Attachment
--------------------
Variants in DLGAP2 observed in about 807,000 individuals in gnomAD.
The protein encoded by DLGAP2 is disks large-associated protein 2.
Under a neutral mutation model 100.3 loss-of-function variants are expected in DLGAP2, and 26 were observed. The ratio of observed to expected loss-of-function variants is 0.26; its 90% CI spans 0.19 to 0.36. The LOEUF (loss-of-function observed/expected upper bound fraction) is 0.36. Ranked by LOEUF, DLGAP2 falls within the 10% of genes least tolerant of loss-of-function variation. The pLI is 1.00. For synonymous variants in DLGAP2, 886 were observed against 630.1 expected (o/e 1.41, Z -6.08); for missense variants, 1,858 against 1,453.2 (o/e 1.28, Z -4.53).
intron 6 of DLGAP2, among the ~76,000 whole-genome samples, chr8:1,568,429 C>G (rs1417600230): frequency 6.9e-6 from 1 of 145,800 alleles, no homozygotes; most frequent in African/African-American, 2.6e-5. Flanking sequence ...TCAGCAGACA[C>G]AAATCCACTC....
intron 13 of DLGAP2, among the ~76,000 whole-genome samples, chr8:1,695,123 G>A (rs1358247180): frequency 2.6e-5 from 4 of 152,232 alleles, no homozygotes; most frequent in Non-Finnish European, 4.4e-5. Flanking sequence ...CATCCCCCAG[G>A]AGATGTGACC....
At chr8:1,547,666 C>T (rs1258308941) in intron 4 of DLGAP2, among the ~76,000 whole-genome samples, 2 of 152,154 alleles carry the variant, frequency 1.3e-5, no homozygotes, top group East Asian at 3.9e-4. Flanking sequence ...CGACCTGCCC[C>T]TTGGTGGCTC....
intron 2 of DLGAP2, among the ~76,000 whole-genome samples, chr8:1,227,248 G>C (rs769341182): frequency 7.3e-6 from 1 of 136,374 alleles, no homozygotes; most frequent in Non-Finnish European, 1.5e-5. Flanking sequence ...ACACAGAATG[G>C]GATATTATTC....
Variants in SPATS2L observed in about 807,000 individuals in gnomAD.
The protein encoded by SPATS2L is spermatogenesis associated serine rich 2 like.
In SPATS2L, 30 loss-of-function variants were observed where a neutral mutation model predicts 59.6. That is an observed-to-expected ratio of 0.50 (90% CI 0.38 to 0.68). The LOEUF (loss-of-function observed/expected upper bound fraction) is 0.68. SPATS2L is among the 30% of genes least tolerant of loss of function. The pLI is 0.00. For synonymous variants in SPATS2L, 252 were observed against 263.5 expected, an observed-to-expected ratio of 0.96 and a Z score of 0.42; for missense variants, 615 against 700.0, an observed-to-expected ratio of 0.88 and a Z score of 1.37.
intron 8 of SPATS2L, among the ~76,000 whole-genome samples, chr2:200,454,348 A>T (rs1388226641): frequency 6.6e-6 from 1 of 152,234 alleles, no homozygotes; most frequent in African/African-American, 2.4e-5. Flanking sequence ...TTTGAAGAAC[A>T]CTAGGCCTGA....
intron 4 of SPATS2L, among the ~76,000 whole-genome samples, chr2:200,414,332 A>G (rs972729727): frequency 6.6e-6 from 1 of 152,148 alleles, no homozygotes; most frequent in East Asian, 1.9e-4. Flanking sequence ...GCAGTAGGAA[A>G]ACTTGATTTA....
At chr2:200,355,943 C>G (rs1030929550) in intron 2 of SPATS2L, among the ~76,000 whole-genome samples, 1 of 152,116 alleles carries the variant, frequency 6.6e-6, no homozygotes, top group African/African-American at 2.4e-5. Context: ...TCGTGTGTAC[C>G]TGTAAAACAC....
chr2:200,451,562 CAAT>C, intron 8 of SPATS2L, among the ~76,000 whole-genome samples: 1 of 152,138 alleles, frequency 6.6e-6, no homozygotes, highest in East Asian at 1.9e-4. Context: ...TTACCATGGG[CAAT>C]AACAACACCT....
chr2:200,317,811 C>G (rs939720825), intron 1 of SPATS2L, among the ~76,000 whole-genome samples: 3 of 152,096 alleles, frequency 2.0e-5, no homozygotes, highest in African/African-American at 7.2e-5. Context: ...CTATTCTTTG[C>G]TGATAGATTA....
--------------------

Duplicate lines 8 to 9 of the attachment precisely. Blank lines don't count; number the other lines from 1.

Variants in SPATS2L observed in about 807,000 individuals in gnomAD.
The protein encoded by SPATS2L is spermatogenesis associated serine rich 2 like.